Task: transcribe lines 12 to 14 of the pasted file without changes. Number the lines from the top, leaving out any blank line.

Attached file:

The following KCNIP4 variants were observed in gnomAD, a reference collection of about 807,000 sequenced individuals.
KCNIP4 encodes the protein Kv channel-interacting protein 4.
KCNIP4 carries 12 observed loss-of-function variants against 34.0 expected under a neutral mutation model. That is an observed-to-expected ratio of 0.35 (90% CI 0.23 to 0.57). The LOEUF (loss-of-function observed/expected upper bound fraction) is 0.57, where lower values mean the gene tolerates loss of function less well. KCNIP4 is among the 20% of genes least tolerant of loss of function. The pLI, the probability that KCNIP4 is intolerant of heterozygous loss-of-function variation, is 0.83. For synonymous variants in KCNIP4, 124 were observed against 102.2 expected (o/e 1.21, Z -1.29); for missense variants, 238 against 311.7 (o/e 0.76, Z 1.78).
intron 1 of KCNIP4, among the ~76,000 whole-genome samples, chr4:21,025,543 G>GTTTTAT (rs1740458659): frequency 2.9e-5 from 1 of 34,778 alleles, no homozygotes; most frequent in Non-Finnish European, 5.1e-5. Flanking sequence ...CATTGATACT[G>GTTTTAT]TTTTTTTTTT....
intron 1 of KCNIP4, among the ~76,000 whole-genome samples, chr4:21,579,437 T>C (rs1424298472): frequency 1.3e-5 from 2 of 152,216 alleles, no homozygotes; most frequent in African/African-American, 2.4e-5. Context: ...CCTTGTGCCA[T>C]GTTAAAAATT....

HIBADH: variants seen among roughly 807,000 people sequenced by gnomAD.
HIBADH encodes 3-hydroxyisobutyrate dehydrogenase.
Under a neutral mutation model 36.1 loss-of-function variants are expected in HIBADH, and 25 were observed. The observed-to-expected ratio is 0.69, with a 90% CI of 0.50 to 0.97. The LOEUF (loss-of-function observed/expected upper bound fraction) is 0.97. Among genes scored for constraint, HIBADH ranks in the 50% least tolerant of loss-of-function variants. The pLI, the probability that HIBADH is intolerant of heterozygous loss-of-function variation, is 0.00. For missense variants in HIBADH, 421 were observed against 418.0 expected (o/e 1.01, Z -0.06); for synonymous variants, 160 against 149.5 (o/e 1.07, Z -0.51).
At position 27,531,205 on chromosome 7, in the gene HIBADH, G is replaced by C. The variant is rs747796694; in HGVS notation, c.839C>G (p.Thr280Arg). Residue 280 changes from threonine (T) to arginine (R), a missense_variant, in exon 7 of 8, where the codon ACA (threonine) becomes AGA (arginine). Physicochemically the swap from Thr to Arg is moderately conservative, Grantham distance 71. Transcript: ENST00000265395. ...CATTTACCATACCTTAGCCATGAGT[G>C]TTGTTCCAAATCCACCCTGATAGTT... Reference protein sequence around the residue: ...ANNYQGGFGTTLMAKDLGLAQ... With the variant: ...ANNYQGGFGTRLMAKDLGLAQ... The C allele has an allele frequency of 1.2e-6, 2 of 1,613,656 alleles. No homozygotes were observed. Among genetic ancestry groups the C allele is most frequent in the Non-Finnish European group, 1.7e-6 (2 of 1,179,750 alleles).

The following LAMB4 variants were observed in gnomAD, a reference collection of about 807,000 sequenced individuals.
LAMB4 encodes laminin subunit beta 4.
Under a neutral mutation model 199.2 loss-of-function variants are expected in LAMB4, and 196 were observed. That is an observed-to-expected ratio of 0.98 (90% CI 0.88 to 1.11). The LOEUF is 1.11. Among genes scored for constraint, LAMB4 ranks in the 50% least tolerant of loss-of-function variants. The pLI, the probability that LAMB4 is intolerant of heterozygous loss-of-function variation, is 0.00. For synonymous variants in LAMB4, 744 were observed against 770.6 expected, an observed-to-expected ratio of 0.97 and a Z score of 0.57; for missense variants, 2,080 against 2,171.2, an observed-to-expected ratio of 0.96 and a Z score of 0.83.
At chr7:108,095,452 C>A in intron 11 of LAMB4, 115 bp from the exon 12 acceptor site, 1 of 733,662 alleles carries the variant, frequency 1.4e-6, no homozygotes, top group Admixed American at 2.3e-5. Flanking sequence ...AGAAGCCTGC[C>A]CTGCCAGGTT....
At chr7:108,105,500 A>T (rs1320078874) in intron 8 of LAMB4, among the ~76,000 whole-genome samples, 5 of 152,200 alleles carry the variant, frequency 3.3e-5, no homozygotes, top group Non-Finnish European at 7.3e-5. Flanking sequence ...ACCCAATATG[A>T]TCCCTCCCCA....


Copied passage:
Under a neutral mutation model 199.2 loss-of-function variants are expected in LAMB4, and 196 were observed. That is an observed-to-expected ratio of 0.98 (90% CI 0.88 to 1.11). The LOEUF is 1.11. Among genes scored for constraint, LAMB4 ranks in the 50% least tolerant of loss-of-function variants. The pLI, the probability that LAMB4 is intolerant of heterozygous loss-of-function variation, is 0.00. For synonymous variants in LAMB4, 744 were observed against 770.6 expected, an observed-to-expected ratio of 0.97 and a Z score of 0.57; for missense variants, 2,080 against 2,171.2, an observed-to-expected ratio of 0.96 and a Z score of 0.83.
At chr7:108,095,452 C>A in intron 11 of LAMB4, 115 bp from the exon 12 acceptor site, 1 of 733,662 alleles carries the variant, frequency 1.4e-6, no homozygotes, top group Admixed American at 2.3e-5. Flanking sequence ...AGAAGCCTGC[C>A]CTGCCAGGTT....
At chr7:108,105,500 A>T (rs1320078874) in intron 8 of LAMB4, among the ~76,000 whole-genome samples, 5 of 152,200 alleles carry the variant, frequency 3.3e-5, no homozygotes, top group Non-Finnish European at 7.3e-5. Flanking sequence ...ACCCAATATG[A>T]TCCCTCCCCA....